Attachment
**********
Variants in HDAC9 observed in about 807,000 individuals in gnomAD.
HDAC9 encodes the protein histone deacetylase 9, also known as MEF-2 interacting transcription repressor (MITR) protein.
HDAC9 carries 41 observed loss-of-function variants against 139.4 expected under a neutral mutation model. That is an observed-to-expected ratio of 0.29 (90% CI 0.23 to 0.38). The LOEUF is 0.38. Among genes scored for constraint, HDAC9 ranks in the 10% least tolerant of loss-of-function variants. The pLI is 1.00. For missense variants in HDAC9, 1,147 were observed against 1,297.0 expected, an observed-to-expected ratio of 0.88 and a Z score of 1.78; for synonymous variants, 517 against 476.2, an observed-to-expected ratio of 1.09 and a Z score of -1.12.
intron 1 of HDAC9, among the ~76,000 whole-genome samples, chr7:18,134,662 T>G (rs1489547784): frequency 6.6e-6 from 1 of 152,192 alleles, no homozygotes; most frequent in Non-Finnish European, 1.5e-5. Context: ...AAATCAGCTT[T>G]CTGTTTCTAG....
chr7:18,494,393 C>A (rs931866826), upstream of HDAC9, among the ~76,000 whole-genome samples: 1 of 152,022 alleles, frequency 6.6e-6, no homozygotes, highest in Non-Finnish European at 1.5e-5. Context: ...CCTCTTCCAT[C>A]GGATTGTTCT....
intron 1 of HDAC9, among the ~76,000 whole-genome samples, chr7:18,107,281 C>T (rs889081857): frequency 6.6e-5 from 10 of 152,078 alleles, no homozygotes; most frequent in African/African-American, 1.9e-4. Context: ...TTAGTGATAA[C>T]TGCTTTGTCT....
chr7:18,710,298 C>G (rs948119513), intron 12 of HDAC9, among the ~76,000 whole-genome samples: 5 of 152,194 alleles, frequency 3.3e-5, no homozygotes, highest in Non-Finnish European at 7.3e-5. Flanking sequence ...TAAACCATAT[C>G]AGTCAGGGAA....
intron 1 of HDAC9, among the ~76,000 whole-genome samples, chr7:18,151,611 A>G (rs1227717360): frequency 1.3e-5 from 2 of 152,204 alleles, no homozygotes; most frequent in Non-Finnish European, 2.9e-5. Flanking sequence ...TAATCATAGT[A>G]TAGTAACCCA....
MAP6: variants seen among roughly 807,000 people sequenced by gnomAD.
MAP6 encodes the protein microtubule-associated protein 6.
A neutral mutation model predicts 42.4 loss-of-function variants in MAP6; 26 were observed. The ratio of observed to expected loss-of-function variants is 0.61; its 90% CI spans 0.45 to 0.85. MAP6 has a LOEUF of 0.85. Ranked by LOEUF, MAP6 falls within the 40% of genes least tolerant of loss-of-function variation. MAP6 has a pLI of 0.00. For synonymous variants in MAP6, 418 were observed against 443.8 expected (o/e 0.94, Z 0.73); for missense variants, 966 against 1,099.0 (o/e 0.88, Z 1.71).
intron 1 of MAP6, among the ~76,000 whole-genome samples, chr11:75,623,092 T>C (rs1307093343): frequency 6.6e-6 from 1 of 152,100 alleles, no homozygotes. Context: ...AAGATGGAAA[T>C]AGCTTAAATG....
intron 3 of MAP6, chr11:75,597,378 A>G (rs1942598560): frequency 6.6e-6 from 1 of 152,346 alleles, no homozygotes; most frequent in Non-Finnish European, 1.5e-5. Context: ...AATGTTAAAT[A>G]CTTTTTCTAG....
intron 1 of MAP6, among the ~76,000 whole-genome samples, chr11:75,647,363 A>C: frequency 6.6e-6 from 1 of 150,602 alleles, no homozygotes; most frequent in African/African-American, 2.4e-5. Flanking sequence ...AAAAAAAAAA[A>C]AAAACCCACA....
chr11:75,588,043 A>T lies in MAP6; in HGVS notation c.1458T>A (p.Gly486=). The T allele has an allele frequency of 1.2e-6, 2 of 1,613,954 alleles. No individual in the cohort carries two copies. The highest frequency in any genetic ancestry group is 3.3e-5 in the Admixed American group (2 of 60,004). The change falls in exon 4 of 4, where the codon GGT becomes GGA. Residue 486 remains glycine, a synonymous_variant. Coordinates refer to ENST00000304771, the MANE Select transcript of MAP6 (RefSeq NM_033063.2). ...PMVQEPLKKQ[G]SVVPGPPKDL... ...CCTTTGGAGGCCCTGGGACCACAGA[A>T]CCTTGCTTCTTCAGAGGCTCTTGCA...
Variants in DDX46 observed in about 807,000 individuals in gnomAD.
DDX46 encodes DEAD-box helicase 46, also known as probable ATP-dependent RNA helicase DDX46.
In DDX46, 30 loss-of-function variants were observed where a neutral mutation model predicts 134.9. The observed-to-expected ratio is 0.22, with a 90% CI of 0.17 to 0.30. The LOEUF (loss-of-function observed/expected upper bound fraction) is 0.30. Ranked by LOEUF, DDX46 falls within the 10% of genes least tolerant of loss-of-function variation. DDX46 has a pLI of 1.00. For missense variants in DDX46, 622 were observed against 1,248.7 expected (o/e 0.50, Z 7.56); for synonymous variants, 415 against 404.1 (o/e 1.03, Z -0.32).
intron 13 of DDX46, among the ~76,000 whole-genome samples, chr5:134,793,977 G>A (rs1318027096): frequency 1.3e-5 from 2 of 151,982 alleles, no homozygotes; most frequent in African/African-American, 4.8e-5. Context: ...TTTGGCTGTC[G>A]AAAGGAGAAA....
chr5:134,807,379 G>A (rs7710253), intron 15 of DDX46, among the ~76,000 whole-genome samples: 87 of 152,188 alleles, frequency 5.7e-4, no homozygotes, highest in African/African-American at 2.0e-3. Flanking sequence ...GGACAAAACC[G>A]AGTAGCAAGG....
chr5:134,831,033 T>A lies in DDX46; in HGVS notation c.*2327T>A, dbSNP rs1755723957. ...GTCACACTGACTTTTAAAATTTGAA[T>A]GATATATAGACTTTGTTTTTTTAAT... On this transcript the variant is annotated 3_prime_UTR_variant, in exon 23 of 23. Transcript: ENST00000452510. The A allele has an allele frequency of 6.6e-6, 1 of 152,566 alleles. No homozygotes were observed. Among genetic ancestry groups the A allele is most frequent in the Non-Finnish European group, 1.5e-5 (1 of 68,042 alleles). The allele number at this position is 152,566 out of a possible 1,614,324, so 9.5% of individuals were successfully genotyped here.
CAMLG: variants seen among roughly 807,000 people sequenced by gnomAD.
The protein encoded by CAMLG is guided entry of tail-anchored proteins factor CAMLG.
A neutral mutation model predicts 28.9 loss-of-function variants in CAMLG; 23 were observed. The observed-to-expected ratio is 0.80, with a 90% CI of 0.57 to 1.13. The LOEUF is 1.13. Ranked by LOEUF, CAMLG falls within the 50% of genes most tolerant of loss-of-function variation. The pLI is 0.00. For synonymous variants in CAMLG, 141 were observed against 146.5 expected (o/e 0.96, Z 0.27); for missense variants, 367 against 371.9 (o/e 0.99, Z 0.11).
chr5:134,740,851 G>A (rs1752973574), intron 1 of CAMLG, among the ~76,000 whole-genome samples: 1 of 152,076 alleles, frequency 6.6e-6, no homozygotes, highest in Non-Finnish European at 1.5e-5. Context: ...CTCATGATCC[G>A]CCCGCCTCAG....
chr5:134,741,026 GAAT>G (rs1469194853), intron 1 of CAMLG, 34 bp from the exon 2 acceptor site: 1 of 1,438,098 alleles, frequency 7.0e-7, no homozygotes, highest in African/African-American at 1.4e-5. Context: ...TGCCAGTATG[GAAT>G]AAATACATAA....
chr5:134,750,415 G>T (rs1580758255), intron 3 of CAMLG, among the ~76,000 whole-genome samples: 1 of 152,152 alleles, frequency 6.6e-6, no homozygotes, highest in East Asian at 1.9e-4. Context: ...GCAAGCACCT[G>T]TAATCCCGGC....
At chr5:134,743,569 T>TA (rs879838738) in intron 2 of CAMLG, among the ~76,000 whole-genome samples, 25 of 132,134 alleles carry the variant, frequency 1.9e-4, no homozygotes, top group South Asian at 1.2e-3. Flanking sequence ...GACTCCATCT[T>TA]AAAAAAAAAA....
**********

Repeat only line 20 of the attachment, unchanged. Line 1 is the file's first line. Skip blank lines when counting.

chr5:134,807,379 G>A (rs7710253), intron 15 of DDX46, among the ~76,000 whole-genome samples: 87 of 152,188 alleles, frequency 5.7e-4, no homozygotes, highest in African/African-American at 2.0e-3. Flanking sequence ...GGACAAAACC[G>A]AGTAGCAAGG....